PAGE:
Australian J. of Civil Engineering     Full-text available via subscription   (Followers: 5, SJR: 0.158, CiteScore: 0)
Australian J. of Dyslexia and Learning Difficulties     Full-text available via subscription   (Followers: 8, SJR: 0.1, CiteScore: 0)
Australian J. of Emergency Management     Full-text available via subscription   (Followers: 23, SJR: 0.354, CiteScore: 0)
Australian J. of French Studies     Full-text available via subscription   (Followers: 7, SJR: 0.123, CiteScore: 0)
Australian J. of Herbal Medicine     Full-text available via subscription   (Followers: 5)
Australian J. of Language and Literacy, The     Full-text available via subscription   (Followers: 3, SJR: 0.282, CiteScore: 1)
Australian J. of Legal History     Full-text available via subscription   (Followers: 15)
Australian J. of Mechanical Engineering     Full-text available via subscription   (Followers: 5, SJR: 0.119, CiteScore: 0)
Australian J. of Medical Science     Full-text available via subscription   (Followers: 1)
Australian J. of Multi-Disciplinary Engineering     Full-text available via subscription   (Followers: 2)
Australian J. of Music Education     Full-text available via subscription   (Followers: 4)
Australian J. of Music Therapy     Full-text available via subscription   (Followers: 9, SJR: 0.549, CiteScore: 1)
Australian J. of Parapsychology     Full-text available via subscription   (Followers: 2, SJR: 0.511, CiteScore: 0)
Australian J. of Social Issues     Full-text available via subscription   (Followers: 6, SJR: 0.399, CiteScore: 1)
Australian J. of Structural Engineering     Full-text available via subscription   (Followers: 7, SJR: 0.281, CiteScore: 1)
Australian J. of Water Resources     Full-text available via subscription   (Followers: 6, SJR: 0.156, CiteScore: 0)
Australian J. on Volunteering     Full-text available via subscription   (Followers: 2)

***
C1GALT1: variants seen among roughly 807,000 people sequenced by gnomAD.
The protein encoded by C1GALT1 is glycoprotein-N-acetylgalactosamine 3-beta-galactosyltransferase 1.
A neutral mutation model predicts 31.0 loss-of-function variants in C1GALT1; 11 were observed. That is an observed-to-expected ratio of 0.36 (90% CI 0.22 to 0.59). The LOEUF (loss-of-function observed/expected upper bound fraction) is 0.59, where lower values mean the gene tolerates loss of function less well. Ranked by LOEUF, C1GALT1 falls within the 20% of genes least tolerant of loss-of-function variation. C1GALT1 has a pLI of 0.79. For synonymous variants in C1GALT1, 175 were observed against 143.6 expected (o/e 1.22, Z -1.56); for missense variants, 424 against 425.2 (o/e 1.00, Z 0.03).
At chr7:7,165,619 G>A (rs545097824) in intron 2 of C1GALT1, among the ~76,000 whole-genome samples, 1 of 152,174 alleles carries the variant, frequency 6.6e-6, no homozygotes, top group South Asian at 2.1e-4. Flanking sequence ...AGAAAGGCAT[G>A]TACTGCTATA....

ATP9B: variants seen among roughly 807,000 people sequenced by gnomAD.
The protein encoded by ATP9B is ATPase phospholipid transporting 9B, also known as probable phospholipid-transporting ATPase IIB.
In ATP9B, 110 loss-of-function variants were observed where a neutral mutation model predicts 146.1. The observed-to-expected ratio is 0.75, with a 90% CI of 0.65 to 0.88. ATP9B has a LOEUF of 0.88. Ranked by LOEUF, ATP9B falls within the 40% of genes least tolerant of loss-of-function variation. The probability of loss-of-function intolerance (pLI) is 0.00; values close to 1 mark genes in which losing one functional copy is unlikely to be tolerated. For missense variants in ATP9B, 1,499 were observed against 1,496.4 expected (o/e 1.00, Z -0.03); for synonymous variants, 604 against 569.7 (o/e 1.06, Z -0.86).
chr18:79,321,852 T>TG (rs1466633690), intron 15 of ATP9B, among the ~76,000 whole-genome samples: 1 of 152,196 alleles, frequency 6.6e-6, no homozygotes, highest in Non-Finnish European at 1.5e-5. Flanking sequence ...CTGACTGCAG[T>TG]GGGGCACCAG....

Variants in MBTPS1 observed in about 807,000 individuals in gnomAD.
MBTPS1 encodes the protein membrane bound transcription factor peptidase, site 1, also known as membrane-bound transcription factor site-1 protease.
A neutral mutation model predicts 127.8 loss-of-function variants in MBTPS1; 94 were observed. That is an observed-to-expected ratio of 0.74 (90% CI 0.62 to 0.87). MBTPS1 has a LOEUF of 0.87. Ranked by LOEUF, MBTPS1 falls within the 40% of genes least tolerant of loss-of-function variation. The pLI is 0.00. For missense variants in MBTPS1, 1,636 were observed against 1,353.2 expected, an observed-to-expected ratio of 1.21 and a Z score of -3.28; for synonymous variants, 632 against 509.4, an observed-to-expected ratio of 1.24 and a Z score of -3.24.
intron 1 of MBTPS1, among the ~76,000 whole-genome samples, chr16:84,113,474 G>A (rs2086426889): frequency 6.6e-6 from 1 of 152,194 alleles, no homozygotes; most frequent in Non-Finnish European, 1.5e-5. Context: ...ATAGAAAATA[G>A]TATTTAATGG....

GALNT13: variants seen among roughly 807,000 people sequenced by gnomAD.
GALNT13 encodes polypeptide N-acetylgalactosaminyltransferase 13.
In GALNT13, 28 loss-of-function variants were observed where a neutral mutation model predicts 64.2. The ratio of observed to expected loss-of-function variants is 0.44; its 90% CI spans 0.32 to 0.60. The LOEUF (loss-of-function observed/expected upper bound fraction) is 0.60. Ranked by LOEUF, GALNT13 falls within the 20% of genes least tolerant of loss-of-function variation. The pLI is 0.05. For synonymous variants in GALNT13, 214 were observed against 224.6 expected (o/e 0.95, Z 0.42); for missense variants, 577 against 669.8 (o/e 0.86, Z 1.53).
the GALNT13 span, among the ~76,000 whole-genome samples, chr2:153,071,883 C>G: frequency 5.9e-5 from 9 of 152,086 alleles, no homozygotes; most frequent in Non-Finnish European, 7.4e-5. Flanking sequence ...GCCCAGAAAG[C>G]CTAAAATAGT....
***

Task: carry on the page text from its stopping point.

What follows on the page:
Australian J.ism Review     Full-text available via subscription   (Followers: 8)
Australian Life Scientist     Full-text available via subscription   (Followers: 2)
Australian Literary Studies     Full-text available via subscription   (Followers: 5)
Australian Mathematics Teacher, The     Full-text available via subscription   (Followers: 7)
Australian Nursing J. : ANJ     Full-text available via subscription   (Followers: 6)
Australian Orthoptic J.     Full-text available via subscription  
Australian Primary Mathematics Classroom     Full-text available via subscription   (Followers: 5)
Australian Screen Education Online     Full-text available via subscription   (Followers: 3)
Australian Senior Mathematics J.     Full-text available via subscription   (Followers: 2)
Australian Sugarcane     Full-text available via subscription  
Australian TAFE Teacher     Full-text available via subscription   (Followers: 4)
Australian Tax Forum     Full-text available via subscription   (Followers: 3)
Australian Universities' Review, The     Full-text available via subscription   (Followers: 4)
Australian Voice     Full-text available via subscription   (Followers: 6)
Bar News: The J. of the NSW Bar Association     Full-text available via subscription   (Followers: 7)
Bioethics Research Notes     Full-text available via subscription   (Followers: 14)
BOCSAR NSW Alcohol Studies Bulletins     Full-text available via subscription   (Followers: 4)
Bookseller + Publisher Magazine     Full-text available via subscription   (Followers: 5)
Breastfeeding Review     Full-text available via subscription   (Followers: 18, SJR: 0.183, CiteScore: 0)
British Review of New Zealand Studies     Full-text available via subscription   (Followers: 4)
Brolga: An Australian J. about Dance     Full-text available via subscription   (Followers: 3)
Cancer Forum     Full-text available via subscription   (SJR: 0.115, CiteScore: 0)